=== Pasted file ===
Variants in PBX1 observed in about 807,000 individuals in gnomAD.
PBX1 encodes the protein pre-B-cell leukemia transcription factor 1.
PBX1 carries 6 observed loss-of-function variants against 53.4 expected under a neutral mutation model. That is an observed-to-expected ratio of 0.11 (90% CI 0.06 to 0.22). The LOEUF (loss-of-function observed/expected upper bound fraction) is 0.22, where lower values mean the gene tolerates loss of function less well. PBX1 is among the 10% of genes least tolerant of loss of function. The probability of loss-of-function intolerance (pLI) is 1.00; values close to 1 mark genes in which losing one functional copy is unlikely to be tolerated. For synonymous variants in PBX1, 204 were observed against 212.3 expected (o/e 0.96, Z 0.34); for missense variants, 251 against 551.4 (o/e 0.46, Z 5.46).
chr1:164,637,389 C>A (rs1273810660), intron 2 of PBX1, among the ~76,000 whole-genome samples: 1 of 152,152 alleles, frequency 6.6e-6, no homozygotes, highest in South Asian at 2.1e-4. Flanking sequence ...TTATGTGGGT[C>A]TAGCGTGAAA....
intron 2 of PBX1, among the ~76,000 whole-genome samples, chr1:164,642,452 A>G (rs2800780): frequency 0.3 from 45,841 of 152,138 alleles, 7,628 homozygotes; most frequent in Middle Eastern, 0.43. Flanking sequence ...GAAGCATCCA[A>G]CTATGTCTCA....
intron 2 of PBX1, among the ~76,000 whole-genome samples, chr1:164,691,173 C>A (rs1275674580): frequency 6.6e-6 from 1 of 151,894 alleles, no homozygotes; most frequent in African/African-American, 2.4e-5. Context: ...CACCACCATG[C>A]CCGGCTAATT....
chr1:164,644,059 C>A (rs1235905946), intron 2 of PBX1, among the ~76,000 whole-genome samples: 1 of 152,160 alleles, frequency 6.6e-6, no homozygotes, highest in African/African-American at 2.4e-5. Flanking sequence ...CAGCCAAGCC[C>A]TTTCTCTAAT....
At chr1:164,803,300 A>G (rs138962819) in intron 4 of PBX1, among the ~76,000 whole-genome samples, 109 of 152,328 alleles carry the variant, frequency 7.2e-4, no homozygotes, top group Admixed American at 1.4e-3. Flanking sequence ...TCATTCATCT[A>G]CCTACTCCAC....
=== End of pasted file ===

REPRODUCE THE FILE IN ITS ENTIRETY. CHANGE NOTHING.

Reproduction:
Variants in PBX1 observed in about 807,000 individuals in gnomAD.
PBX1 encodes the protein pre-B-cell leukemia transcription factor 1.
PBX1 carries 6 observed loss-of-function variants against 53.4 expected under a neutral mutation model. That is an observed-to-expected ratio of 0.11 (90% CI 0.06 to 0.22). The LOEUF (loss-of-function observed/expected upper bound fraction) is 0.22, where lower values mean the gene tolerates loss of function less well. PBX1 is among the 10% of genes least tolerant of loss of function. The probability of loss-of-function intolerance (pLI) is 1.00; values close to 1 mark genes in which losing one functional copy is unlikely to be tolerated. For synonymous variants in PBX1, 204 were observed against 212.3 expected (o/e 0.96, Z 0.34); for missense variants, 251 against 551.4 (o/e 0.46, Z 5.46).
chr1:164,637,389 C>A (rs1273810660), intron 2 of PBX1, among the ~76,000 whole-genome samples: 1 of 152,152 alleles, frequency 6.6e-6, no homozygotes, highest in South Asian at 2.1e-4. Flanking sequence ...TTATGTGGGT[C>A]TAGCGTGAAA....
intron 2 of PBX1, among the ~76,000 whole-genome samples, chr1:164,642,452 A>G (rs2800780): frequency 0.3 from 45,841 of 152,138 alleles, 7,628 homozygotes; most frequent in Middle Eastern, 0.43. Flanking sequence ...GAAGCATCCA[A>G]CTATGTCTCA....
intron 2 of PBX1, among the ~76,000 whole-genome samples, chr1:164,691,173 C>A (rs1275674580): frequency 6.6e-6 from 1 of 151,894 alleles, no homozygotes; most frequent in African/African-American, 2.4e-5. Context: ...CACCACCATG[C>A]CCGGCTAATT....
chr1:164,644,059 C>A (rs1235905946), intron 2 of PBX1, among the ~76,000 whole-genome samples: 1 of 152,160 alleles, frequency 6.6e-6, no homozygotes, highest in African/African-American at 2.4e-5. Flanking sequence ...CAGCCAAGCC[C>A]TTTCTCTAAT....
At chr1:164,803,300 A>G (rs138962819) in intron 4 of PBX1, among the ~76,000 whole-genome samples, 109 of 152,328 alleles carry the variant, frequency 7.2e-4, no homozygotes, top group Admixed American at 1.4e-3. Flanking sequence ...TCATTCATCT[A>G]CCTACTCCAC....